IT|Redux

Rules for Office 2.0

Wednesday, January 25th 2006 | Ismael Ghalimi

In defining the Office 2.0 setup I am using, the following rules are applied:

No client application other than a web browser
This is the essence of Office 2.0: one should be able to perform most office productivity tasks without having to use any client application other than a web browser. That means no email client, no word processor, no spreadsheet, no presentation tool. Nothing but a web browser. Of course, special needs create exceptions to this rule. For example, I am still using iTunes to listen to my music and Adobe Photoshop to work on pictures, but other than that, all my productivity applications are online now.

No files on personal computer
Once all your applications are online, it makes sense to leave your files there too. I am using a combination of services to manage the different types of files I consume and produce, as described in this past article. The ‘Documents’ folder on my personal hard drive has been empty for the past three weeks and I do not expect this to change anytime soon.

Compatibility with the most popular web browsers
Because I want to be able to do my work using virtually any personal computer I can get access to, the services I use have to work with the most popular web browsers, including Internet Explorer, Firefox and Safari. Opera is a nice-to-have, but I do not make it a requirement. Also, I assume that the personal computers I use have been properly upgraded with the last versions of the different pieces of software they host, therefore I do not require support for older versions of web browsers. And who cares about Internet Explorer 4.0 anyway?

No browser extension or plugin
For reasons explained in a previous article, browser extensions and other plugins should be avoided at all cost. If two services offer the same functionality, but one requires an extension and the other does not, I will always go for the later one, even if that means that I have to lose a couple of features along the way.

Collaboration features are good
Part of the value of storing your data online is that it enables collaboration with other people, as described in this article. For that reason, services that support document sharing and publishing will always get my preference over services that keep data to myself only, as long as they do it in a secure manner. In that respect, support for both public and private bookmarks was one of the primary reasons why I upgraded from del.icio.us to Simpy.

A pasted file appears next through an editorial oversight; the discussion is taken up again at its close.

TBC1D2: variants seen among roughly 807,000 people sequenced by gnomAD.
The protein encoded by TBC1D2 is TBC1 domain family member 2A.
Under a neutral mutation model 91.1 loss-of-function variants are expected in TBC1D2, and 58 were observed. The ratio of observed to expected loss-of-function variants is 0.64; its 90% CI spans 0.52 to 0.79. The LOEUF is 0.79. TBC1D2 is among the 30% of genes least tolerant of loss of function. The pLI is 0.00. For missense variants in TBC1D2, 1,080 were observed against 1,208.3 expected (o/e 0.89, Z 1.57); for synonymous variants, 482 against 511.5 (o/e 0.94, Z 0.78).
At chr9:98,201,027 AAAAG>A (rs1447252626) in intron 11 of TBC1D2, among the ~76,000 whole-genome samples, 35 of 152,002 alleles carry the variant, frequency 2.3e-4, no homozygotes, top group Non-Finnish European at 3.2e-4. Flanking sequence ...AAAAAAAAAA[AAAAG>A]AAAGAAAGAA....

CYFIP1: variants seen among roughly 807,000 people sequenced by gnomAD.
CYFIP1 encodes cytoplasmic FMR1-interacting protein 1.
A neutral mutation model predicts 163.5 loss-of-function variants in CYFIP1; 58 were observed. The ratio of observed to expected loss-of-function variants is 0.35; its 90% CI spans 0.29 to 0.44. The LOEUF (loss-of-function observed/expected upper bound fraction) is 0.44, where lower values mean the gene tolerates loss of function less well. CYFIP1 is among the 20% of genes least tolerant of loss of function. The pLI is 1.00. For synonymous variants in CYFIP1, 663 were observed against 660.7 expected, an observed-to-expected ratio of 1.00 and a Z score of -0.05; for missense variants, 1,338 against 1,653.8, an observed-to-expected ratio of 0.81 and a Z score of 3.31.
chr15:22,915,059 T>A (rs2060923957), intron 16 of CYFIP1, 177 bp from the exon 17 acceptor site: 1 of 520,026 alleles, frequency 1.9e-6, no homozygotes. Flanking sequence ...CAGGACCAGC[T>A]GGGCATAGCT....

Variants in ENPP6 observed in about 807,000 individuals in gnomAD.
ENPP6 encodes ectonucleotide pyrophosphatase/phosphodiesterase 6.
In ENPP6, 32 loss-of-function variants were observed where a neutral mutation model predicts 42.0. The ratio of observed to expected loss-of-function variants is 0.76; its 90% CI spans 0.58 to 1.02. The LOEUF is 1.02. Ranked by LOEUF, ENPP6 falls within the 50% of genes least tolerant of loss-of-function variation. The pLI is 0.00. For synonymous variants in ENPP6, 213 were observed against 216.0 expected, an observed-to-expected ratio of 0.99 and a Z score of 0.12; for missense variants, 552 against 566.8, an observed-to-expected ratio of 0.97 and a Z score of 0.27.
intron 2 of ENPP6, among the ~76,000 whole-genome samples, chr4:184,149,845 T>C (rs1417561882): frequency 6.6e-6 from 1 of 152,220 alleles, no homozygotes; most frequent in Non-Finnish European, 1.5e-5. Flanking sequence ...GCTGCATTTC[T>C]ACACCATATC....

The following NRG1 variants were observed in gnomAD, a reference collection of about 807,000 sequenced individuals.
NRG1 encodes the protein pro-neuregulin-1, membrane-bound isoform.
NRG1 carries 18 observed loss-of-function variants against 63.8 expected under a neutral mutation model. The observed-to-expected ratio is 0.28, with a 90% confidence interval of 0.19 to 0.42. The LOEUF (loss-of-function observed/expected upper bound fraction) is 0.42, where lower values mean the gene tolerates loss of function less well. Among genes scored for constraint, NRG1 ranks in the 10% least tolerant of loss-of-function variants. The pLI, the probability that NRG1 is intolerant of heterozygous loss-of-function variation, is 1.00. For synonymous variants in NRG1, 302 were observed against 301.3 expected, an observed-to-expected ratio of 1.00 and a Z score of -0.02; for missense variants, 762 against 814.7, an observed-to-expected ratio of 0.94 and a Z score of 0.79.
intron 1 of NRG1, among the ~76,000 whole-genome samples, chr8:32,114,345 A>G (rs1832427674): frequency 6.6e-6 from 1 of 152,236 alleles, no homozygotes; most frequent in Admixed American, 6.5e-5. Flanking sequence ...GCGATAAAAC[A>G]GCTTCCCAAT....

Syndication is the way to go
Beyond peer-to-peer collaboration, syndication opens the door to social cooperation. This really is the essence of Web 2.0, and Office 2.0 should benefit from it as much as possible. Syndication also provides the mechanisms that are required for integrating multiple services with each other, as described in this recent article. As a result, services that offer RSS feeds and REST APIs always get my vote over ones that do not. Hint to LinkedIn: this is where I believe the most significant improvements could be made to your exceptional service.

AJAX is better
I got the idea for Office 2.0 seven years ago, which is the reason why Intalio was originally called Exoffice, using the Greek exō prefix, which means external. Back then, JavaScript did not work and all we had was plain HTML. I remember implementing an online file manager in PHP with a tree viewer that sported the exact same look and feel as the Windows file explorer, and all I can tell you is that it was painful. Today, JavaScript is finally working and makes AJAX possible. It brings the user experience to a whole new level, and even though it still is not as good as what one could achieve with a client application, I tend to think that it’s getting good enough.

Competition brings alternatives
When your applications are installed on your personal computer, you’re pretty much in charge of your own destiny, that is until you lose the previously mentioned computer. But when all your applications are served by online service providers, they better keep serving it without too much disruption, or you’re at risk of losing the productivity gains that you managed to achieve by going online. For this reason, I never use any service for which there is no good-enough alternative offered by some competitor. If Salesforce.com goes out of business, I could always switch to NetSuite. If Google becomes evil, I can move from Gmail to Yahoo! Mail. In the past two months, I have migrated from TypePad to WordPress and from del.icio.us to Simpy, and in both instances, migration was a relatively easy process, even though TypePad’s lack of RSS syndication for comments made it harder than it should have been.